Nearly two thirds of Brits admit to ‘wasting’ up to £100 more a week post ‘Freedom Day

Nearly two thirds (61%) of UK workers say they waste an extra £100 each week on booze, shopping, and other ‘unnecessary luxuries’ since lockdown ended, according to new data released today by Hastee.

The research, produced in collaboration with Sapio, which surveyed 2,000 workers as part of the financial health platform’s 2021 annual Workplace Wellbeing Study*, also found that, over a third (34%) feel their financial health improved during the course of COVID-19. Despite this, reliance on high-cost credit for basic purchases and necessities is still rife among workers of all ages across the country.

For many workers, the pandemic delivered devastating blows to livelihoods, sources of income and hard-earned savings. Hastee’s research found that 56% of the workforce claim to have changed their spending habits since the outbreak of COVID-19, and 43% say it has affected their work behaviour.

Positively, over a third (34%) of respondents believe the impact of the COVID-19 pandemic has benefitted their overall financial health. Taking a regional look at this data, workers in London were the most likely (42%) to state this, followed closely by 38% in Northern Ireland, and 35% in the North East of England.

In stark contrast, however, the return to normal life is also bringing with it a sudden, sharp rise in costs that had disappeared for many during lockdowns. 61% of UK workers admit ‘wasting’ up to £100 per week on alcohol, shopping, eating out and other luxuries post-lockdown, with 25-34 year olds in the West Midlands, Scotland and Wales most likely to admit this.

Many are still struggling to make ends meet, withnearly half (46%) of respondents claiming to live ‘payday to payday’ and 63% of respondents applying for high-cost credit options knowing they would struggle to make the repayments, but felt it was their only option. The latter number is up from 59% in 2020, which was itself a 20% increase on the previous year. This is compounded by the discovery that over a quarter (29%) of UK workers have increased their use of high-cost credit during the pandemic. Respondents report that the highest ranking reasons for this reliance has been to both pay bills on time (19%) and make essential purchases like food (17%).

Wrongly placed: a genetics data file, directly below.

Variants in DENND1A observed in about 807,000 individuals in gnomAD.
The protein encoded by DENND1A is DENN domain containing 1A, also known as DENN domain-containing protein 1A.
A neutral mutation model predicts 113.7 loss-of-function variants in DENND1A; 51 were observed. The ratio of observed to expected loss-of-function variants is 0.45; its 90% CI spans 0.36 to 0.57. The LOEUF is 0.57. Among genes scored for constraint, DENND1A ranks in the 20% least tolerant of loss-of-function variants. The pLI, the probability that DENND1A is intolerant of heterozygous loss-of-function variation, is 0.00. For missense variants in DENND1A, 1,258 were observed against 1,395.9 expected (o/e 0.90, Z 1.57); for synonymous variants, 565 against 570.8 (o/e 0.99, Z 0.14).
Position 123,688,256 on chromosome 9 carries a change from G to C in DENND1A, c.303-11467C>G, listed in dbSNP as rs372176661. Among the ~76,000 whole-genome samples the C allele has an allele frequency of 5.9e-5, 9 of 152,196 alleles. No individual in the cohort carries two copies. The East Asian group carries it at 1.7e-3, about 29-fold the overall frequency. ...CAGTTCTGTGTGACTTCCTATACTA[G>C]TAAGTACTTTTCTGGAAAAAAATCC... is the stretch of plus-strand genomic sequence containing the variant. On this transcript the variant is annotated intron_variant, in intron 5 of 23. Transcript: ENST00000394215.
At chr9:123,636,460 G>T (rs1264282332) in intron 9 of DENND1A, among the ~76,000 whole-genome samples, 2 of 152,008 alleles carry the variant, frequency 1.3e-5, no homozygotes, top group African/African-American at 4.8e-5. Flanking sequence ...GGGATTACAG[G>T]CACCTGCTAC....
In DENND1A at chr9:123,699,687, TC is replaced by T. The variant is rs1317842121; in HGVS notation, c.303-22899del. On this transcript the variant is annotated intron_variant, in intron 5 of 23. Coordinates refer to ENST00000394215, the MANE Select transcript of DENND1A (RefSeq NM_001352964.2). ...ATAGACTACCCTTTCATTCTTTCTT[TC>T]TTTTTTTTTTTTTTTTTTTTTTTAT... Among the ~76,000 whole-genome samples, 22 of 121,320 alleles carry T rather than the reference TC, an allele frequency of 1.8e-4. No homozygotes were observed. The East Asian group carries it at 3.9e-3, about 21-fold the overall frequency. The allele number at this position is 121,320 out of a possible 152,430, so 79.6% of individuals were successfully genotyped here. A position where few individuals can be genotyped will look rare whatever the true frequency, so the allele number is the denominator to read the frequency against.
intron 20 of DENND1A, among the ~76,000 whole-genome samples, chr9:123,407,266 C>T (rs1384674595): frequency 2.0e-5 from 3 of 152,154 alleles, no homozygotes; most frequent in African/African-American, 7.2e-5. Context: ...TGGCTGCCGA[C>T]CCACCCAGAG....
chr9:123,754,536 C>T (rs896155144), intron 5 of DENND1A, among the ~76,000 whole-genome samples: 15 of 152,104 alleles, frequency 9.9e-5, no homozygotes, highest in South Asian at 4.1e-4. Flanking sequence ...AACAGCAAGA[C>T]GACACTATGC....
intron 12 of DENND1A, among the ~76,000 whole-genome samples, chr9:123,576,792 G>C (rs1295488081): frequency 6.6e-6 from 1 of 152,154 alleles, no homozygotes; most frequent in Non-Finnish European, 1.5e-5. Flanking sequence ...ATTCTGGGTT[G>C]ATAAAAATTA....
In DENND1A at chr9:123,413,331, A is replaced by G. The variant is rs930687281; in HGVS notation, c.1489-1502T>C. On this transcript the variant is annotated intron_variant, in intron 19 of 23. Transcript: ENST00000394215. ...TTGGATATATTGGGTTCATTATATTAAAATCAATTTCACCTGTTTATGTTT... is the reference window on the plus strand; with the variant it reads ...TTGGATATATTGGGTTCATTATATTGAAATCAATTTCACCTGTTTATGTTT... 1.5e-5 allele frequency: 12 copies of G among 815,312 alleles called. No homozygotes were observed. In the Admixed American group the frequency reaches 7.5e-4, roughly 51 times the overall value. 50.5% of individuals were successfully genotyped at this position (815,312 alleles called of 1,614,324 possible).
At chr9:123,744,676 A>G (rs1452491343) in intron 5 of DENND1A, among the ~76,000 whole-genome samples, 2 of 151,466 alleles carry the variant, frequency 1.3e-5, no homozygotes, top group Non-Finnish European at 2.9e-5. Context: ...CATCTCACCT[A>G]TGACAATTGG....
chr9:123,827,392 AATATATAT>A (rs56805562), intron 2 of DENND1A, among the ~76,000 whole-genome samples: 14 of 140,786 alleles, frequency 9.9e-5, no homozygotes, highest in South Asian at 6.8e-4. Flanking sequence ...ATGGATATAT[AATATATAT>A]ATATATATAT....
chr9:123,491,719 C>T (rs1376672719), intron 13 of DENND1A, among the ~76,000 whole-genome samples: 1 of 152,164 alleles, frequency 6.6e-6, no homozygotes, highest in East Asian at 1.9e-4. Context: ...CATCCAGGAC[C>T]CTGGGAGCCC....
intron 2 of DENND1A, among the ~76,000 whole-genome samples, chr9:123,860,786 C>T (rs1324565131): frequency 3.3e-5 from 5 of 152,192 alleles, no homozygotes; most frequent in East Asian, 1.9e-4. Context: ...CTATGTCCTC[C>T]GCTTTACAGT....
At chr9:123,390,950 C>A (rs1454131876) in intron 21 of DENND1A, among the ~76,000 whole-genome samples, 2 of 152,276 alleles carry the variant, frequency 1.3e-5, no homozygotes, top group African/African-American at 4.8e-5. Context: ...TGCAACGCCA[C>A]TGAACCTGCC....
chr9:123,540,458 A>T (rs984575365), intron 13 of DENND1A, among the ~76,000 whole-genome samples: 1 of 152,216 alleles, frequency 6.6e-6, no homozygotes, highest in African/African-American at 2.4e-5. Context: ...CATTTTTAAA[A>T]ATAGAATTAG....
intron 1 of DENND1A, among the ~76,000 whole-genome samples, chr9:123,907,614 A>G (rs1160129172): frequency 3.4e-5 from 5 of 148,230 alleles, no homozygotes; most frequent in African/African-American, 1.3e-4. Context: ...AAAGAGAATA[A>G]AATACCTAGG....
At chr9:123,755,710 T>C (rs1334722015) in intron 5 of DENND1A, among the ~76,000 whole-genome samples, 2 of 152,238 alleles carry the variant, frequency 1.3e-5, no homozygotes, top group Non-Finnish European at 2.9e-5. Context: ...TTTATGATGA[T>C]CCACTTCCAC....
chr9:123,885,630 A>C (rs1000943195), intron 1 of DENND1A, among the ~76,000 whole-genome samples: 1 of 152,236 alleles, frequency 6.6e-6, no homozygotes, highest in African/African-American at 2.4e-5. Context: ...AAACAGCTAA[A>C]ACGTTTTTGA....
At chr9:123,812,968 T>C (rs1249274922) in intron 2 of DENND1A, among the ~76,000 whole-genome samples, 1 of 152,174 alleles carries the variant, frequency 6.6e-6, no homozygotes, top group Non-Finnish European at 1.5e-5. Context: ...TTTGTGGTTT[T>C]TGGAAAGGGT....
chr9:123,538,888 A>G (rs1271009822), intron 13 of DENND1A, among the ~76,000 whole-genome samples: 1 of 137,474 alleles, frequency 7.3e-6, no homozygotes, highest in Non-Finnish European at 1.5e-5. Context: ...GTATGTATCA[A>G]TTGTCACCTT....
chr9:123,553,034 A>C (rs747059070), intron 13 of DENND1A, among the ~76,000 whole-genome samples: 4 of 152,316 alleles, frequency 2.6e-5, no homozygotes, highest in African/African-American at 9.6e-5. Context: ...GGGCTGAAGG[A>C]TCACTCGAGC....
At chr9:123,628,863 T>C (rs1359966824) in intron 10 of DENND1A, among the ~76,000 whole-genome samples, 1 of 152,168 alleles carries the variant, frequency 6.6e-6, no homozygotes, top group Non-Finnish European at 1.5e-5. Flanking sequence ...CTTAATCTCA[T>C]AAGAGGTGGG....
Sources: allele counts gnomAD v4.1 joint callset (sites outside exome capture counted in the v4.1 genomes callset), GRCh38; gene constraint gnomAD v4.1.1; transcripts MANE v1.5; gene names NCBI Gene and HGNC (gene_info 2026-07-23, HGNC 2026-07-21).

The 2021 study also dispels the belief that high-cost credit use is most common among lower income groups, with respondents earning between £40,000 and £75,000 a year most unlikely to clear their debts every month (20%). In addition, those earning over £75,000 a year were the most likely to have increased their use of high-cost credit (28%) when compared to last year.

The good news is that more and more awareness is growing around flexible pay as a means to promote good financial health: 40% of respondents believe that flexible pay options would help them to stop relying on high-cost credit. From the perspective of employers, better financial fitness can alleviate stress, increase worker productivity and bolster staff retention, with 60% of workers more likely to stay with an employer that offers flexible payment options. Despite this, nearly 46% of respondents suggest that their employer offers no form of employee benefits for their physical, mental or financial health.

Hastee’s founder James Herbert said: “For some UK workers, the reduced opportunities to spend money and removal of their commute to work has had a tangible positive impact on their finances. For many others, the last year has forced them into even more precarious financial positions; living from payday to payday and increasing their reliance on high cost credit all the while knowing they will struggle with repayments. As we come out of lockdown restrictions and more people return to pre-COVID norms as well as to commuting to their place of work more regularly, people’s finances are not keeping up.

“Now is a pivotal time for people’s financial health. While we are seeing positive change with a growing awareness of the perils of high cost credit and the terrible impact financial stress is having on many people’s lives, far too many are left with little choice and are denied the opportunity to make more constructive long-term financial decisions. Employers can and should support the financial health of their staff through education, greater financial flexibility and the tools to manage their outgoing expenditure with their incoming salary in real-time. Financial health should be considered just as important as any other workplace wellbeing initiative, and it’s a reality that is slowly taking shape.”

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Author: Editorial Team

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